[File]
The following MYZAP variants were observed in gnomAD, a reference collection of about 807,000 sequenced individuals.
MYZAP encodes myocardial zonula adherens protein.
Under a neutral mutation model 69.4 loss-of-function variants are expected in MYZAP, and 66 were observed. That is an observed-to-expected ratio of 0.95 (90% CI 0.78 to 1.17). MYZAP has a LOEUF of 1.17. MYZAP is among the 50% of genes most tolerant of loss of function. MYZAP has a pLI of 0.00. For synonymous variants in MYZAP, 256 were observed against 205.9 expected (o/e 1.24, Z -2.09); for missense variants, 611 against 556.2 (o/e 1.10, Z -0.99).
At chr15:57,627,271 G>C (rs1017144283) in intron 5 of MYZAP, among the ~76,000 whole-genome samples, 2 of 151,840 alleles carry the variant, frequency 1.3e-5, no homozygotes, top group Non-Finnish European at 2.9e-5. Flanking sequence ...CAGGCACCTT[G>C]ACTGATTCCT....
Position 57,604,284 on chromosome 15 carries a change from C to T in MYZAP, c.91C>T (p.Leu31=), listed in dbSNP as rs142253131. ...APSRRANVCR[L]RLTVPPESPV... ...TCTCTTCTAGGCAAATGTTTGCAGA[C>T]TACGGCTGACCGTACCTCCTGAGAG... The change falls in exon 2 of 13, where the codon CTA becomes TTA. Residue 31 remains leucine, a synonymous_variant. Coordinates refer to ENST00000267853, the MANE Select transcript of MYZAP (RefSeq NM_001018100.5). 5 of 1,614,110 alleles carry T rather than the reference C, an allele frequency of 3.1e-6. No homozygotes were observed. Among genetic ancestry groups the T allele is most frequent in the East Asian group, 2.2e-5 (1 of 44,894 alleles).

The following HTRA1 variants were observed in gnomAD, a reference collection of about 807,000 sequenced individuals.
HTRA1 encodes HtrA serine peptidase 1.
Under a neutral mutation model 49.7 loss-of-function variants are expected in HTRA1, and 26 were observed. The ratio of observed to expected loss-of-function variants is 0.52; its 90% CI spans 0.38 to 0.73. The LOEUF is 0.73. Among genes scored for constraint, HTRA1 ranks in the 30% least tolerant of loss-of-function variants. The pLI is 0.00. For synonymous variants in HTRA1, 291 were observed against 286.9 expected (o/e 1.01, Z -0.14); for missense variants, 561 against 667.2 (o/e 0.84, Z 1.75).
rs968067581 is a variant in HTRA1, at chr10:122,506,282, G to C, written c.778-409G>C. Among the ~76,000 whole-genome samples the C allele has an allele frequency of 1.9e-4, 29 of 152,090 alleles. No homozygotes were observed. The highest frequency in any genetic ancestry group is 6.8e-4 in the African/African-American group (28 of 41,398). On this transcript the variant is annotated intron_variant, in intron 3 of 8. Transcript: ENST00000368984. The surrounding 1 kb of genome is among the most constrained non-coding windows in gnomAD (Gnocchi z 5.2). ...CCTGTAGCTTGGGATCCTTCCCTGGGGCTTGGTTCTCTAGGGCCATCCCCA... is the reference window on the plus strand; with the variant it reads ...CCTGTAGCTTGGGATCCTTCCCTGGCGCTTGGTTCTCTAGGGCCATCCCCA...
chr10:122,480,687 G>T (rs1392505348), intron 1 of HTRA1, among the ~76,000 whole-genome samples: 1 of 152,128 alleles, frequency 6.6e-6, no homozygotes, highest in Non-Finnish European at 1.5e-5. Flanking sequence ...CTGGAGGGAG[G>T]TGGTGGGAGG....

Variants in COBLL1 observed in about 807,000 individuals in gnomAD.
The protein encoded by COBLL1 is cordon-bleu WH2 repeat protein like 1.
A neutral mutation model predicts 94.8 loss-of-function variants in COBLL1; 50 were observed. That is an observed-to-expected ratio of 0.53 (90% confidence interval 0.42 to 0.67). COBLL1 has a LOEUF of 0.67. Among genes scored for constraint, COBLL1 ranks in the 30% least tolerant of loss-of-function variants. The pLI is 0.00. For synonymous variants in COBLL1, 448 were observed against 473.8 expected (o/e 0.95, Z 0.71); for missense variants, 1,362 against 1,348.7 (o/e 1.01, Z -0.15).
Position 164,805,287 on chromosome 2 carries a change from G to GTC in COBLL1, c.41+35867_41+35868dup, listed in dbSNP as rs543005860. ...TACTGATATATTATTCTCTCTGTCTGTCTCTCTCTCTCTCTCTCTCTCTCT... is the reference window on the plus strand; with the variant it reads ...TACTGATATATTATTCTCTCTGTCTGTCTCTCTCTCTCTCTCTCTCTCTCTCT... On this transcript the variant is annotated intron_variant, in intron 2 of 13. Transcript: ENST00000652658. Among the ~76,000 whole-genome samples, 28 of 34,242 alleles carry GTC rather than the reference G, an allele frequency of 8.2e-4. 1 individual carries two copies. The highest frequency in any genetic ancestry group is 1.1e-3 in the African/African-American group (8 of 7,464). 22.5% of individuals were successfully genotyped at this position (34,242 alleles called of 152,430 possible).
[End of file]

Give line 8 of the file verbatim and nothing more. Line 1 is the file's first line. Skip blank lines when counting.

Under a neutral mutation model 49.7 loss-of-function variants are expected in HTRA1, and 26 were observed. The ratio of observed to expected loss-of-function variants is 0.52; its 90% CI spans 0.38 to 0.73. The LOEUF is 0.73. Among genes scored for constraint, HTRA1 ranks in the 30% least tolerant of loss-of-function variants. The pLI is 0.00. For synonymous variants in HTRA1, 291 were observed against 286.9 expected (o/e 1.01, Z -0.14); for missense variants, 561 against 667.2 (o/e 0.84, Z 1.75).